Heidi Larson’s group at the London School of Hygiene & Tropical Medicine just published a review in Vaccine that attempts to construct a descriptive model of parental vaccine hesitancy. They surveyed the literature on hesitancy from both developed and developing countries.
They adopt the term vaccine hesitancy in part because it’s less polarizing than the term anti-vaccine. It describes a continuum of attitudes about vaccine but also a continuum of practices around vaccination, or, as they say, those “in the middle of a continuum of total acceptors to complete refusers.” It’s a relatively new concept; in fact, only 6 of the 1,164 articles included in the review employed the term vaccine hesitancy. (I wonder if this definition leaves out a total acceptor, in terms of behavior, who still has doubts about vaccination.)
What’s so interesting about the paper is the way that it points out the sometimes seemingly conflicting nuances of promoters and barriers to vaccination. For example, in the US, both high and low income were barriers to vaccination (the latter not because of cost, but because of distrust of healthcare providers). In Nigeria, low income was a barrier because of low parental education and access to vaccines. However, in a different study, low income in Nigeria was identified as a promoter (the study from which this conclusion comes relates the promotion effect to positive local community influences).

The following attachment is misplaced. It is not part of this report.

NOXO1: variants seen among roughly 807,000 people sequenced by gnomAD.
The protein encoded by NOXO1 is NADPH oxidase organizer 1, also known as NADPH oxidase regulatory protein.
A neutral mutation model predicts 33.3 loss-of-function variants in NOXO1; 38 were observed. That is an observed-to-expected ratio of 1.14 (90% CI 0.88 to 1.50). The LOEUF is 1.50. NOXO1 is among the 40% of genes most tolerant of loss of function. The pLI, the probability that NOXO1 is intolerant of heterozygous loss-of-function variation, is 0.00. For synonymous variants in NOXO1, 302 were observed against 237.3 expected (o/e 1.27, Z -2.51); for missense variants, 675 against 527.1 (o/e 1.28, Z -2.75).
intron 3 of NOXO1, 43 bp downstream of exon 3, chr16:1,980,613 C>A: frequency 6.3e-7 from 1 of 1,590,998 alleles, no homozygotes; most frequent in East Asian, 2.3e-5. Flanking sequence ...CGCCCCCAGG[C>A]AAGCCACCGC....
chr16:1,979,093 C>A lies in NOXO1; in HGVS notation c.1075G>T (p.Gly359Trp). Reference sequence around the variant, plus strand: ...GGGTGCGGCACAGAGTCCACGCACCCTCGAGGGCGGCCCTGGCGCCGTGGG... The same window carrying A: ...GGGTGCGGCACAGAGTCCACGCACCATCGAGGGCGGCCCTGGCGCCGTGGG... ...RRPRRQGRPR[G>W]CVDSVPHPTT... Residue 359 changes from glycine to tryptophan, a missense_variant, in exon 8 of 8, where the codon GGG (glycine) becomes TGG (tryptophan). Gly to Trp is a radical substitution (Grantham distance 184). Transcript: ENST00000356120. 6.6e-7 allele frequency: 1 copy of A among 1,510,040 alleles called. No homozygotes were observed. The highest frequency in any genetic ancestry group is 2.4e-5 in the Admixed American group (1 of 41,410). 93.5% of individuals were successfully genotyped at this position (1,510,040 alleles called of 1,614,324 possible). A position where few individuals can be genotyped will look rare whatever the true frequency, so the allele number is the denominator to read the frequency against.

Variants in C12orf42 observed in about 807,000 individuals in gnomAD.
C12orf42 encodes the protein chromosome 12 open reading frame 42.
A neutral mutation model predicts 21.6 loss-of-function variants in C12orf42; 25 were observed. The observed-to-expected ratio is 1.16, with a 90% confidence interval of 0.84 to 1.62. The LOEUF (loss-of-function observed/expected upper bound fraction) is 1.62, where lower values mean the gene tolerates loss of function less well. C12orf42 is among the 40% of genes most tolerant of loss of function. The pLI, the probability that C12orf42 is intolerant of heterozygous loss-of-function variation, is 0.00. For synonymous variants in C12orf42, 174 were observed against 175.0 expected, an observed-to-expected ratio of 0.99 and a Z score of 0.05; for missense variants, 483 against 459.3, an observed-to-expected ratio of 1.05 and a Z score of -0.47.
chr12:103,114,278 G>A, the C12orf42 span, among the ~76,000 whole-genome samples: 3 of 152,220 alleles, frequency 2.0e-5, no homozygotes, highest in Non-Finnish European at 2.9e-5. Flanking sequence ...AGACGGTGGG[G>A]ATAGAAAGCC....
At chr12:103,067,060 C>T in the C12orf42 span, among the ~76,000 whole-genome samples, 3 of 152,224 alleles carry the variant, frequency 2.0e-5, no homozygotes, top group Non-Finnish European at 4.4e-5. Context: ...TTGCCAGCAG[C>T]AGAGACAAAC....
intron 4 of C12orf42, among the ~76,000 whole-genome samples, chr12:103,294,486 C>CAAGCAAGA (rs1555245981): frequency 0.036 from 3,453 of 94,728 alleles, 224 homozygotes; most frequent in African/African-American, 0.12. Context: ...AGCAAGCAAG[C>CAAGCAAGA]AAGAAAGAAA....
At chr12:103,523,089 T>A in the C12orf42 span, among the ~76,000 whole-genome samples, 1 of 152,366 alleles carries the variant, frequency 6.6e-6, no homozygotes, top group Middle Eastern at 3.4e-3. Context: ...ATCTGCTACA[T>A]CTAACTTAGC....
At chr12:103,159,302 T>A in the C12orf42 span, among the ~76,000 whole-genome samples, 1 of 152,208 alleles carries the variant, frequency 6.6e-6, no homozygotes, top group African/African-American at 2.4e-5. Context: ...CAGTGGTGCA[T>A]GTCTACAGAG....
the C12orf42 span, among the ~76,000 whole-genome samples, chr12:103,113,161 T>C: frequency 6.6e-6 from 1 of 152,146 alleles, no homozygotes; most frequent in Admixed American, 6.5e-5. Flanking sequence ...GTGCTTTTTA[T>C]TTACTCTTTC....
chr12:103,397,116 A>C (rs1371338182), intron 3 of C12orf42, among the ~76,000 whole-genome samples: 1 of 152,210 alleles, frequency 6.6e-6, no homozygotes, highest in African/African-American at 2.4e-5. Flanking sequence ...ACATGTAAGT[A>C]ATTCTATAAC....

Health knowledge influenced by conventional medical thinking promoted vaccination, but health knowledge influenced by myths, rumors, and alternative medicine concepts was a barrier (Nigeria, The Netherlands). In the US, conventional health knowledge was a promoter, but a mother’s plan to breastfeed was a barrier.
Somewhat surprisingly, different promoters and barriers may apply not just in different countries, and not just for different vaccines, but even for different doses of the same vaccine. The latter was evident in a British study of MMR vaccination, in which a perception of the social benefit of the vaccination was a promoter of the second dose of the vaccine, but not the first.
The authors point out the shortcomings of popular theories of health behavior to explain the complex factors related to vaccine hesitancy. They say that the Health Belief Model and the Theory of Planned Behavior, while they may be useful to explain individual influences on vaccination decisions, fail to address broader, contextual influences to vaccine hesitancy. It calls to my mind Julie Leask’s recent work applying the Transtheoretical Model to vaccination communication interactions with parents who are located on different parts of the hesitancy continuum.
The review looked only at studies of childhood vaccination up to age seven, and so we may be missing an understanding of vaccine hesitancy for adolescent vaccines. I hope they work on that next.
Image from The Historical Medical Library of The College of Physicians of Philadelphiaz: Final Report of the International Tuberculosis Campaign, July 1, 1948–June 30, 1951. Copenhagen: The International Tuberculosis Campaign, October, 1951.
Antai D. Gender inequities, relationship power, and childhood immunization uptake in Nigeria: A population-based cross-sectional study. Int J Infect Dis 2012;16:E136-45.
Brown K et al. Attitudinal and demographic predictors of measles-mumps-rubella vaccine (MMR) uptake during the UK Catch-Up Campaign 2008–09: Cross-sectional survey. PLoS One. 2011; 6(5): e19381. doi: 10.1371/journal.pone.0019381
Larson, HJ, Jarrett C, Eckensberger E, Smith DMD, Paterson P. Understanding vaccine hesitancy around vaccines and vaccination from a global perspective: A systematic review of published literature, 2007-2012. Vaccine. 32;19:2150-2159.
Leask J. Kinnersley P, Jackson C, Cheater F, Bedford H, Rowles G. Communicating with parents about vaccination: A framework for health professionals. BMC Pediatr. 2012;12:154. doi: 10.1186/1471-2431-12-154